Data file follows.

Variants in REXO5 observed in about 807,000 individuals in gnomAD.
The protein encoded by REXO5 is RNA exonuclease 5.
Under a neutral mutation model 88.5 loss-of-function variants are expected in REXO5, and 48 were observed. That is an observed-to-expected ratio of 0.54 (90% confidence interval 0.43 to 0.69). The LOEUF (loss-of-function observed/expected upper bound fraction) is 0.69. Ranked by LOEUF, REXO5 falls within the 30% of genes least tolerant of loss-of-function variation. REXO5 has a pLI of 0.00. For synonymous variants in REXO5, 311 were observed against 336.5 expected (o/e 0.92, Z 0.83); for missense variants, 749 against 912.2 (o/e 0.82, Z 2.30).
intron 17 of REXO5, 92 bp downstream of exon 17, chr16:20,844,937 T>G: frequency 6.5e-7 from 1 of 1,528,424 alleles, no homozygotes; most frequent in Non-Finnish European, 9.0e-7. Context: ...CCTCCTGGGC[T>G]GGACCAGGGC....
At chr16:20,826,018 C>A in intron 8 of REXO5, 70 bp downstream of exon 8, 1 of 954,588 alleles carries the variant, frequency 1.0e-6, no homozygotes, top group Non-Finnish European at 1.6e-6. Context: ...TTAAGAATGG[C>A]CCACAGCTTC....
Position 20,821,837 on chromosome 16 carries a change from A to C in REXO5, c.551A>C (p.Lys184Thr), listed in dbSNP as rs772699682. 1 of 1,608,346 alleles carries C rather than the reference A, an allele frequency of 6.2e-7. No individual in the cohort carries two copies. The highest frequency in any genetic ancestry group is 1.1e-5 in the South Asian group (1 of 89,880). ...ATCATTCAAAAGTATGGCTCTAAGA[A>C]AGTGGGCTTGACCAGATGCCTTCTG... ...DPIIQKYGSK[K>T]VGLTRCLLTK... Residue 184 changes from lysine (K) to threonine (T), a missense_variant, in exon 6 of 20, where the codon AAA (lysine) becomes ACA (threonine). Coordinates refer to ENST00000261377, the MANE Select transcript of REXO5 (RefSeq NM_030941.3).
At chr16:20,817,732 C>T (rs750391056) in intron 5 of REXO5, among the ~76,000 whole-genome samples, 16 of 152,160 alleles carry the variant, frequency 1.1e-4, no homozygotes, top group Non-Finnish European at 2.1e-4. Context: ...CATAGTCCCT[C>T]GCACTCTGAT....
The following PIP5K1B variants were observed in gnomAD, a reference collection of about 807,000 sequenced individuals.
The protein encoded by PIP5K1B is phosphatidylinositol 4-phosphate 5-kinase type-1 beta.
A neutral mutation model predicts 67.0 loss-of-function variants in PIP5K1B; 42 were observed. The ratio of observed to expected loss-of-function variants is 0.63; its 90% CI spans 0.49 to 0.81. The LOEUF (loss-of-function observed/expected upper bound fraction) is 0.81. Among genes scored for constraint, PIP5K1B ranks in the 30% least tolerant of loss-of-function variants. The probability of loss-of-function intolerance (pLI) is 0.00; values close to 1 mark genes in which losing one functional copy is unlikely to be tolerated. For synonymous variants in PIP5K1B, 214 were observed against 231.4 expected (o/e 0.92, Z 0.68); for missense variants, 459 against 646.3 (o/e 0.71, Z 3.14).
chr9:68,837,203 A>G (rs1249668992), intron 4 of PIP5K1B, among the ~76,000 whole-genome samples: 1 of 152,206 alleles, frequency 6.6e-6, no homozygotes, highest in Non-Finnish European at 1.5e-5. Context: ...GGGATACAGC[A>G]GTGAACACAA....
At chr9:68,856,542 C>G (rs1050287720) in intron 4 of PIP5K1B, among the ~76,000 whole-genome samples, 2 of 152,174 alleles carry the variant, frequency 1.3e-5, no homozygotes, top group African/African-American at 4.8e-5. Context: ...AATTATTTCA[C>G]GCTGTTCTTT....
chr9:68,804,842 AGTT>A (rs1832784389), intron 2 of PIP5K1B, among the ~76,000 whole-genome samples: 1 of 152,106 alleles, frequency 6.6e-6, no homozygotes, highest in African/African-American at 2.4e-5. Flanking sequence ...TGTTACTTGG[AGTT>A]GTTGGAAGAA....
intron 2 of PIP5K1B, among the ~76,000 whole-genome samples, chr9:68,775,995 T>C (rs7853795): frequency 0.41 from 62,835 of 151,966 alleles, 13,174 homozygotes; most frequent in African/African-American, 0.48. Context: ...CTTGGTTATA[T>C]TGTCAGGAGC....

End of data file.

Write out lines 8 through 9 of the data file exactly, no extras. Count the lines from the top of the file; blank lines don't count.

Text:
The following PIP5K1B variants were observed in gnomAD, a reference collection of about 807,000 sequenced individuals.
The protein encoded by PIP5K1B is phosphatidylinositol 4-phosphate 5-kinase type-1 beta.